That’s the way you should look at and approach your business. If you position yourself as a friend with good advice to give, and you manage those relationships every time you deal with a customer, you will bypass their desire to shop around, and they are more likely to shop with you, because you’ve made them feel confident about their decision.
Looking back at my interaction with the sales associate at Staples, this same rule applies. He helped me feel more confident about my decision. Personal touch and human interaction are two things a person pushing a “Buy Now” button can’t get. These are your strategic advantages.
#3. Give Them A Good Excuse To Follow Up With You
There will always be times when you can’t make a sale in the moment, but good sales teams and owners understand how they can still win the day. If you have a rapport going with the customer, find ways you can still accommodate their request.
If you are out of stock in the item they want, offer to call them when it comes in. If you can’t beat a price in the moment on an item, see if they would be interested in being contacted when that item goes on sale. The Salesfloor app makes this incredibly simple for the sales associate to set up instantly:
If someone isn’t in urgent need, and you’ve spent the time interacting with them already, then you should have built trust enough to get their contact information and service the client when they’re not even there. This is a small effort for you that could build strong relationships and lead to future return sales.
#4. Follow Up. Make Good On Your Promise.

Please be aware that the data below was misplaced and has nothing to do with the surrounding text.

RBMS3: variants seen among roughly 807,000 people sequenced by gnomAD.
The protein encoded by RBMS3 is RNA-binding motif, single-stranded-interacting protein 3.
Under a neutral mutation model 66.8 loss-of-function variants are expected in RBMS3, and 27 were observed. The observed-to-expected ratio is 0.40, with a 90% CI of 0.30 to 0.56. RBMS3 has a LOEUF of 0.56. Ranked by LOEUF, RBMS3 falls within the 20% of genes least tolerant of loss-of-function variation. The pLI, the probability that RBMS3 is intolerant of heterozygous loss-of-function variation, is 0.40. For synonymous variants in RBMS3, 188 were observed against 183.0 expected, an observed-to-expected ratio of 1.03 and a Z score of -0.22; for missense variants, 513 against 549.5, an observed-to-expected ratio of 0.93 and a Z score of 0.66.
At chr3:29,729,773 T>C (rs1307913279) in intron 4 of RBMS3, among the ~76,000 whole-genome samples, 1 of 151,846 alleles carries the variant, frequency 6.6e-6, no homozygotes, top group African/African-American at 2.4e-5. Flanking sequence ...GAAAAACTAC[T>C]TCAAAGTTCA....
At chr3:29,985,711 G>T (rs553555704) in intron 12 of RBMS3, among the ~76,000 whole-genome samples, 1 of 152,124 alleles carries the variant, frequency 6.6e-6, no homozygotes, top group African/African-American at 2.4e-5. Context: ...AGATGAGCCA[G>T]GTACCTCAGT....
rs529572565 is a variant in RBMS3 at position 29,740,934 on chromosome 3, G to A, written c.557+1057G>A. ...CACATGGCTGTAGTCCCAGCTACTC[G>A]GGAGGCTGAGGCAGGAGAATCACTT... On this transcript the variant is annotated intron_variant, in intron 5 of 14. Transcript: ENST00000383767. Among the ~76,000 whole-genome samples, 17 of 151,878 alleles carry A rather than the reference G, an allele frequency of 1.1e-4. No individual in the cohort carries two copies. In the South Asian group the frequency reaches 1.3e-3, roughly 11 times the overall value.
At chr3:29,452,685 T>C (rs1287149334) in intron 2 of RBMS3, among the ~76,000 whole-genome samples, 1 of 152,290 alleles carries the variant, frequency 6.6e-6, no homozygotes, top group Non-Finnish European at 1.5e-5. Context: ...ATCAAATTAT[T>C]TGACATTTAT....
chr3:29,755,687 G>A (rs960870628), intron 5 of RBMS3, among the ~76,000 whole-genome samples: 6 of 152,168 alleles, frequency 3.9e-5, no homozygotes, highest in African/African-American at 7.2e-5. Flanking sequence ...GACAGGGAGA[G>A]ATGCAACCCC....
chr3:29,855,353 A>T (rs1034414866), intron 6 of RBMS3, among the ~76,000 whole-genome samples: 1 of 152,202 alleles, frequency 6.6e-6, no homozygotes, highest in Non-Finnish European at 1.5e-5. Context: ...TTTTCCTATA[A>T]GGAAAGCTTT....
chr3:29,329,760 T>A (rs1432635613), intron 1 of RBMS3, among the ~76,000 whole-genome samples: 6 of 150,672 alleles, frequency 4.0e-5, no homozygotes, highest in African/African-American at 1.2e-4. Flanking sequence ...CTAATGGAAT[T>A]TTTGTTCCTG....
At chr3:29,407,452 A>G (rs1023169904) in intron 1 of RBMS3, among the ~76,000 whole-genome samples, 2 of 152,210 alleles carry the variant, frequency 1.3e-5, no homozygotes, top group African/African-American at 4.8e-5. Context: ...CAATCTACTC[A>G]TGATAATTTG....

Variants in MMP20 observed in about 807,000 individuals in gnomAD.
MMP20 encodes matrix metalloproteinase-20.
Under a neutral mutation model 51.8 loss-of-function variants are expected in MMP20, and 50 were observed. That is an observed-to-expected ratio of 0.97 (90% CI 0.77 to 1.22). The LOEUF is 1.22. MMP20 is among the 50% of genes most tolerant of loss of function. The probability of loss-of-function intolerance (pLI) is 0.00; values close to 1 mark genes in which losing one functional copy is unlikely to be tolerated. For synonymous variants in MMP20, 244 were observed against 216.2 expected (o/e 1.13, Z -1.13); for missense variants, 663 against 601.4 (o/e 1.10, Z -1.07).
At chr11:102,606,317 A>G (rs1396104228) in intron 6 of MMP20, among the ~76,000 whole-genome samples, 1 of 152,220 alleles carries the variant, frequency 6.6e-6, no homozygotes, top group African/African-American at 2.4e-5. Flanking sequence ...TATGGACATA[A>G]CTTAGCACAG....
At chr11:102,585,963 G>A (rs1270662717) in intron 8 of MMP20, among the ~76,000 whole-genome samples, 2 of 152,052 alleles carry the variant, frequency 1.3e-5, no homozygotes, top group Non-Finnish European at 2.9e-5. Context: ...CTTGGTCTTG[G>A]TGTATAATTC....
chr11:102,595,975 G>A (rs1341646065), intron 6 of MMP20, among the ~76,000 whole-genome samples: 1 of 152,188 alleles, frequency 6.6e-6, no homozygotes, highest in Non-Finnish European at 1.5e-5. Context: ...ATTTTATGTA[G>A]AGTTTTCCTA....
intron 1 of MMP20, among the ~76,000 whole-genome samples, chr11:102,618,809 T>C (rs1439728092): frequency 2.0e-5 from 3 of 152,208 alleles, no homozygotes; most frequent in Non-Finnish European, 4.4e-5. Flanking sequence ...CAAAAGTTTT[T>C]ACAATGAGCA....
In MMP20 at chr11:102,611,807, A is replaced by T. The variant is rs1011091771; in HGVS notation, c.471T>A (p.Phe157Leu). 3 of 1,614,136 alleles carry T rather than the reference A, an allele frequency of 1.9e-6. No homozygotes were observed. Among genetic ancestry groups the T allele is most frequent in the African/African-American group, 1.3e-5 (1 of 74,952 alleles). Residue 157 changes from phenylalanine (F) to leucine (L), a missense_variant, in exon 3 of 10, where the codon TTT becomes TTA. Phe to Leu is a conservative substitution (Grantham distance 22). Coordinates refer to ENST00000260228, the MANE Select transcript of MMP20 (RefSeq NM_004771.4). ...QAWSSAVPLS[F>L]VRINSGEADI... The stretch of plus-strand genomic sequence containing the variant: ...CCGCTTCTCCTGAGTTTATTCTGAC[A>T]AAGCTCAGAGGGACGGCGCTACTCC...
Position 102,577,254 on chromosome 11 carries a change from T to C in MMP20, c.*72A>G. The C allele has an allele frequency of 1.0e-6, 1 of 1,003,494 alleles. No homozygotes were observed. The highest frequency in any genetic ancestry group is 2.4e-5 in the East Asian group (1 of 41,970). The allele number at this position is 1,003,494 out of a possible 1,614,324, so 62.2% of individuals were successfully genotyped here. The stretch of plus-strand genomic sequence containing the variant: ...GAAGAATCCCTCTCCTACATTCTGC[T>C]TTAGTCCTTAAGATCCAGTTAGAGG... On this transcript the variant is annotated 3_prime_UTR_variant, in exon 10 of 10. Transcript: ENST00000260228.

It goes without saying that if you take a customer’s contact information, you have to follow through on what you promised: updating them on the status of their request even if the update is bad news. Building rapport is one thing. Building trust is a bigger, better thing.
If you build trust with a customer, they might shop with you or send other people to you because of their connection to you and not for any other factors. That’s important, because there is no digital equivalent of having a person’s trust and delivering consistently excellent customer care.
#5. Anticipate Their Future Needs
Finally, what better way to stop showrooming than catching your customers BEFORE they even head to the store?
The skillful associates at the Saks Fifth Avenue makeup counter have a knack for knowing when I’m about to run out of my favorite products every month and send me a helpful email, letting me know that they can either set aside the products for me to pick up or help me with an online order. This ensures that I don’t even think of walking into another department store or do a search online for the products.
By anticipating your customer’s needs, you can get ahead of their showrooming and make them feel taken care of.
Showrooming will never end as long as there are consumers who are motivated solely on price. However, you can combat showrooming effectively by embracing this lesson: deliver a human experience that caters to the specific needs of each client.